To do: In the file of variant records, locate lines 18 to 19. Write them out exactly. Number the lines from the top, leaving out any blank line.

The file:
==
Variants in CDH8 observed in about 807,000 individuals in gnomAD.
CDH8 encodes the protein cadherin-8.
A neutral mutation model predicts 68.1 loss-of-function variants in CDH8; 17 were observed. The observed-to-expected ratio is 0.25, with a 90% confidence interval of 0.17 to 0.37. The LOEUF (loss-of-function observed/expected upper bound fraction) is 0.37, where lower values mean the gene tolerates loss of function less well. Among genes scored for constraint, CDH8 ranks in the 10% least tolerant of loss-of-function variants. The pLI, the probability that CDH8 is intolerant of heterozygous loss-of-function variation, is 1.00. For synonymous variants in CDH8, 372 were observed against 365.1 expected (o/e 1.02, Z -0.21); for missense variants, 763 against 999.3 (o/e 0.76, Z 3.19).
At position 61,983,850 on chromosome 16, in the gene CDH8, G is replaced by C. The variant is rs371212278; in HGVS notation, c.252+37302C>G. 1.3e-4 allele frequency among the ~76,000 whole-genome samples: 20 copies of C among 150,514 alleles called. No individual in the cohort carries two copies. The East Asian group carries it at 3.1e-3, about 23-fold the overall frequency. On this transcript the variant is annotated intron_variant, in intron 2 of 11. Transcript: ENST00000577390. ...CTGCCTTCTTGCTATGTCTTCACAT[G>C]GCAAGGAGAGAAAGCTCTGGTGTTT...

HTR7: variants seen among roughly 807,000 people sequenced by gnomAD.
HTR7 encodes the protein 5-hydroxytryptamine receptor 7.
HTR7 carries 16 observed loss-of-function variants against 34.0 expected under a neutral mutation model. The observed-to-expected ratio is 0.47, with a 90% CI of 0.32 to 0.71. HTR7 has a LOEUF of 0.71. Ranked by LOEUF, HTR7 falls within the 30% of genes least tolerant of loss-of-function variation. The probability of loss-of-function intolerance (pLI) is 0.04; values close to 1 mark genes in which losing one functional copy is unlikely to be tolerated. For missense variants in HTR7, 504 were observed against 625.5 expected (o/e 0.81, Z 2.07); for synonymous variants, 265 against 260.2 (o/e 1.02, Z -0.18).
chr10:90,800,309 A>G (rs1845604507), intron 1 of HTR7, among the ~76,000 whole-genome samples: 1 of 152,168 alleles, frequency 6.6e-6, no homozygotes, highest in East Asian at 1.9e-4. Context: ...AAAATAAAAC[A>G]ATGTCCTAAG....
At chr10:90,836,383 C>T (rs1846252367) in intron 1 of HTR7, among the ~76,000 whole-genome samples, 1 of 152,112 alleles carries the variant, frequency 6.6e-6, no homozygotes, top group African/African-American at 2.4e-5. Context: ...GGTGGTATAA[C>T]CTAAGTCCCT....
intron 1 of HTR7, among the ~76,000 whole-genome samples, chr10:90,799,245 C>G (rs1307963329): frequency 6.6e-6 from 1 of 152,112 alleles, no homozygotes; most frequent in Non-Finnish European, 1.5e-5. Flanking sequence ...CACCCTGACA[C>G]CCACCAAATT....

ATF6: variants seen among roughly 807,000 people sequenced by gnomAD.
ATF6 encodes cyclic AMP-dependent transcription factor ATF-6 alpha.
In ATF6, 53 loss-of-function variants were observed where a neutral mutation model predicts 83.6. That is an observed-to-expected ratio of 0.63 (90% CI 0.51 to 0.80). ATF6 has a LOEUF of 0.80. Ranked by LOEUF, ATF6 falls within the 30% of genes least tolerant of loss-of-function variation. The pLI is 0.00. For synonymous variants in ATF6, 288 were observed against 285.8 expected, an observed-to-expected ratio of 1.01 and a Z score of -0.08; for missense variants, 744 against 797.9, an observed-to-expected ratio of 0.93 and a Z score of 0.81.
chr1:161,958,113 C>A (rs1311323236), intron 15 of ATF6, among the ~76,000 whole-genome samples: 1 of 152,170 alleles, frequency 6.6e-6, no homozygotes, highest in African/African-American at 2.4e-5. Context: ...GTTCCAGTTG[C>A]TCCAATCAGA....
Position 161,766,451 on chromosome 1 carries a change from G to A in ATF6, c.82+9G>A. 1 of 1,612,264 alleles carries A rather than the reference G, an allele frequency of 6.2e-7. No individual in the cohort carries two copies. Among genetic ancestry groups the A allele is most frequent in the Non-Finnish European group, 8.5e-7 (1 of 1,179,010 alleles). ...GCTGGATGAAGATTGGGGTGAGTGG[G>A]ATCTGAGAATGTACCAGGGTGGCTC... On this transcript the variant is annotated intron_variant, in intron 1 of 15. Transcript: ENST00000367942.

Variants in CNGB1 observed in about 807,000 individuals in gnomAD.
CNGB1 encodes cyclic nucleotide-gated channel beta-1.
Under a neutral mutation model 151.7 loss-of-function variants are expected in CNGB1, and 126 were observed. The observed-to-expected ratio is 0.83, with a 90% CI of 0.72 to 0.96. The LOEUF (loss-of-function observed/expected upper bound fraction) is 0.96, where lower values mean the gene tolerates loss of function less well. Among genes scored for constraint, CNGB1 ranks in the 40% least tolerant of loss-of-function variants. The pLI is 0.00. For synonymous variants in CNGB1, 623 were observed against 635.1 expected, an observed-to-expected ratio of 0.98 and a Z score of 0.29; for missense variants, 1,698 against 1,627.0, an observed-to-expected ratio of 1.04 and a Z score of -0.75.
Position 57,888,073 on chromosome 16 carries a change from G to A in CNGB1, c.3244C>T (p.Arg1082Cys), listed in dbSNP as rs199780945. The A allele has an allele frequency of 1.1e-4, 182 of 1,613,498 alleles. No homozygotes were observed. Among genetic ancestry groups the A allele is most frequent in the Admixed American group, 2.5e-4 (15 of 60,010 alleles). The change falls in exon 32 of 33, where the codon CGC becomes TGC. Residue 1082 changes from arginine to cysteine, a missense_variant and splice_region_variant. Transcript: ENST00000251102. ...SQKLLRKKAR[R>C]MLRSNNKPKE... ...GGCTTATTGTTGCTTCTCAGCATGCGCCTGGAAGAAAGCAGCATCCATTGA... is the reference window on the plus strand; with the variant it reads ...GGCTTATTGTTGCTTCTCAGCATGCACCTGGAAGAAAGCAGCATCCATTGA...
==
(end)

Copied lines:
Under a neutral mutation model 151.7 loss-of-function variants are expected in CNGB1, and 126 were observed. The observed-to-expected ratio is 0.83, with a 90% CI of 0.72 to 0.96. The LOEUF (loss-of-function observed/expected upper bound fraction) is 0.96, where lower values mean the gene tolerates loss of function less well. Among genes scored for constraint, CNGB1 ranks in the 40% least tolerant of loss-of-function variants. The pLI is 0.00. For synonymous variants in CNGB1, 623 were observed against 635.1 expected, an observed-to-expected ratio of 0.98 and a Z score of 0.29; for missense variants, 1,698 against 1,627.0, an observed-to-expected ratio of 1.04 and a Z score of -0.75.
Position 57,888,073 on chromosome 16 carries a change from G to A in CNGB1, c.3244C>T (p.Arg1082Cys), listed in dbSNP as rs199780945. The A allele has an allele frequency of 1.1e-4, 182 of 1,613,498 alleles. No homozygotes were observed. Among genetic ancestry groups the A allele is most frequent in the Admixed American group, 2.5e-4 (15 of 60,010 alleles). The change falls in exon 32 of 33, where the codon CGC becomes TGC. Residue 1082 changes from arginine to cysteine, a missense_variant and splice_region_variant. Transcript: ENST00000251102. ...SQKLLRKKAR[R>C]MLRSNNKPKE... ...GGCTTATTGTTGCTTCTCAGCATGCGCCTGGAAGAAAGCAGCATCCATTGA... is the reference window on the plus strand; with the variant it reads ...GGCTTATTGTTGCTTCTCAGCATGCACCTGGAAGAAAGCAGCATCCATTGA...